Senate Foreign...
(Continued from page 1)cent people, it was with very littlesupport that my father, CongressmanHamilton Fish, introduced a resolutionto focus public attention on the brutalacts of Stalin. Sadly, my father's resolu–tion did not then attract great interest,nor did it gain much support."He added: "1 believe it is most fittingthat your resolution proclaim May 28,
1984,
a national day to commemoratethe famine in Ukraine. As you know.May 28 will be the 50th anniversary ofthe introduction of my father's resolu–tion."S. Con. Res. 70 will now be placed onthe Senate calendar to await considera–tion by the full Senate. Since theresolution has attracted
62
co-sponsors,a majority of the Senate, and has beenapproved by the Senate Foreign Rela–tions Committee, favorable action bythe full Senate is considered likely.Although the Senate schedule is busyduring the last days of the session, theUAC hopes that the overwhelmingsupport for the resolution by membersof the Senate will convince the Senateleadership to call up the resolution forconsideration.The rapid movement of S. Con. Res.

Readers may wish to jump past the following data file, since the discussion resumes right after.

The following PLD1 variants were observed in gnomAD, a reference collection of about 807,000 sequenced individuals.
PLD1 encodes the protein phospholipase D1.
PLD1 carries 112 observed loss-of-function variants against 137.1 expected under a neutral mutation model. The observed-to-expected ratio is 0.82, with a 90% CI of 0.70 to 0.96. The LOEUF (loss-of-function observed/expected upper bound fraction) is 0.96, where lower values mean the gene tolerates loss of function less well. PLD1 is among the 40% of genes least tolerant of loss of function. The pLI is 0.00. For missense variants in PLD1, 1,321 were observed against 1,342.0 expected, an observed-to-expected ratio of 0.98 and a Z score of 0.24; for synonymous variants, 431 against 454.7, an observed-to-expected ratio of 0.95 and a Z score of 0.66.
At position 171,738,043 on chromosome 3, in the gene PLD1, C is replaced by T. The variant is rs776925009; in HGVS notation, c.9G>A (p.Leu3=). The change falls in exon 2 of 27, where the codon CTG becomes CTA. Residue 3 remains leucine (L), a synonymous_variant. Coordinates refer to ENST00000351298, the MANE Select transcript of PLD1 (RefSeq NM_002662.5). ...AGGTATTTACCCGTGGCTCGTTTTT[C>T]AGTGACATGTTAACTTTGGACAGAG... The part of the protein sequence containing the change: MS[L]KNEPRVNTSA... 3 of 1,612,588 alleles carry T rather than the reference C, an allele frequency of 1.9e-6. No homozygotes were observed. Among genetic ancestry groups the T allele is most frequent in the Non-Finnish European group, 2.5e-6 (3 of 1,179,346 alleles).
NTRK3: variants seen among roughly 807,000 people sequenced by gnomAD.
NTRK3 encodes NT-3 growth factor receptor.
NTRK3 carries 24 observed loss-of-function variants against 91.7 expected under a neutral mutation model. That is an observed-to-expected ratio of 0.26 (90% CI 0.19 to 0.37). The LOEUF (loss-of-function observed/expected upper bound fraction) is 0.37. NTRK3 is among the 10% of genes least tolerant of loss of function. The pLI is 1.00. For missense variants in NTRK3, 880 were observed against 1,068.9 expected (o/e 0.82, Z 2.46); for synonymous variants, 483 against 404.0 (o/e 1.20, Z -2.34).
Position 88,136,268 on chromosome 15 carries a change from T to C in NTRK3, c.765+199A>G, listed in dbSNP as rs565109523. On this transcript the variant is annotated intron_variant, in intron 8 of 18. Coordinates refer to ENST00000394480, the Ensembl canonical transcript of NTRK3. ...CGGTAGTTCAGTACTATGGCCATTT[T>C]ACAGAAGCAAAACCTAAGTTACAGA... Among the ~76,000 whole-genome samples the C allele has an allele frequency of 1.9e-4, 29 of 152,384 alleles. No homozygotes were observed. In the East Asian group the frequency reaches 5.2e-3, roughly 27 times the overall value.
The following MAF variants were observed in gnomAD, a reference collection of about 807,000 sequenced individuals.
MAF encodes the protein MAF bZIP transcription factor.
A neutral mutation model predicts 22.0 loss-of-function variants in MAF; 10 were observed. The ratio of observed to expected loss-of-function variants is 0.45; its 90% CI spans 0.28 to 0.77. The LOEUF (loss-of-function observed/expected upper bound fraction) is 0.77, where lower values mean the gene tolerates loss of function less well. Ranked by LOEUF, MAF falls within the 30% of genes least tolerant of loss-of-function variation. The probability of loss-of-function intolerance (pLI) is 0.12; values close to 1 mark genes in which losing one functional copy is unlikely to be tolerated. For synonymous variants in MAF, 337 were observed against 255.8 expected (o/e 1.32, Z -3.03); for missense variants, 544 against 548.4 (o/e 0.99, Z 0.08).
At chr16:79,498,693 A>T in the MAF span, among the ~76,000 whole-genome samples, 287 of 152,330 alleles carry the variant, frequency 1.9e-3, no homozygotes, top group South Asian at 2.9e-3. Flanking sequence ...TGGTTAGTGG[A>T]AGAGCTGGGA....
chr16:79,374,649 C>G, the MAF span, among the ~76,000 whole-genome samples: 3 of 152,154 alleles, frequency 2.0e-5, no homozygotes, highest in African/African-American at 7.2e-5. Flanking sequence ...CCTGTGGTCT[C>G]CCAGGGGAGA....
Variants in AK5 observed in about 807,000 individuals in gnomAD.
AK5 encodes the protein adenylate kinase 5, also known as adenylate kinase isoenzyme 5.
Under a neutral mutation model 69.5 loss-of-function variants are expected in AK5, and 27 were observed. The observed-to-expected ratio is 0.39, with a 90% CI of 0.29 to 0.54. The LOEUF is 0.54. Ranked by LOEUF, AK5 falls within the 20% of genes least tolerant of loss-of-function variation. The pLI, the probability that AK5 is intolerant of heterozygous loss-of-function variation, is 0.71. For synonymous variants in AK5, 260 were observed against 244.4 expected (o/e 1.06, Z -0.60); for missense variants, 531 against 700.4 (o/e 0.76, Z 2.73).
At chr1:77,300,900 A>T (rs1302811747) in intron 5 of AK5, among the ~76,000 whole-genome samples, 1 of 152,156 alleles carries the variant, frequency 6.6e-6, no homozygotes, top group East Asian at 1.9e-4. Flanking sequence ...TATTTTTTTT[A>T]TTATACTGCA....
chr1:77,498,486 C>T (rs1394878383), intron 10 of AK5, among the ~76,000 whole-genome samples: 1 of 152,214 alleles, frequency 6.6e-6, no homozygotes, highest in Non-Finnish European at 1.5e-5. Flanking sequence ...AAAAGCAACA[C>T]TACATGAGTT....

70,
including the favorable reporting bythe Foreign Relations Committee lessthan six weeks after the resolution'sintroduction, is due in large measure tothe number of co-sponsors and thecontacts made with individual sena–
tors.
The UAC said it believes thatsupport from the entire UkrainianAmerican community was a majorfactor in this achievement.
Ukrainian Weelcl
FOUNDED 1933
Ukrainian weekly newspaper published by the Ukrainian National Association inc., a fraternalnon-profit association,
at
30 Montgomery St., Jersey City, NJ. 07302.(The Ukrainian Weekly
-
USPS 570-870)Also published
by
the UNA Svoboda,
a
Ukrainian-language daily newspaper.The Weekly
and
Svoboda:
(201) 434-0237, 434-0807, 434-3036
Yearly subscription rate:
S8, UNA
members
- 55.
UNA:
(201) 451-2200
Postmaster, send address changes to:
THEUKRAINIAN WEEKLY
P.O.Box 346
Jersey City. NJ. 07303Editor Roma HadzewyczAssociate editor George Bondan ZsryckyAssistant editor Marta Kolomayets
 
No. 46
THE
UKRAINIAN WEEKLY SUNDAY, NOVEMBER ІЗ, 1983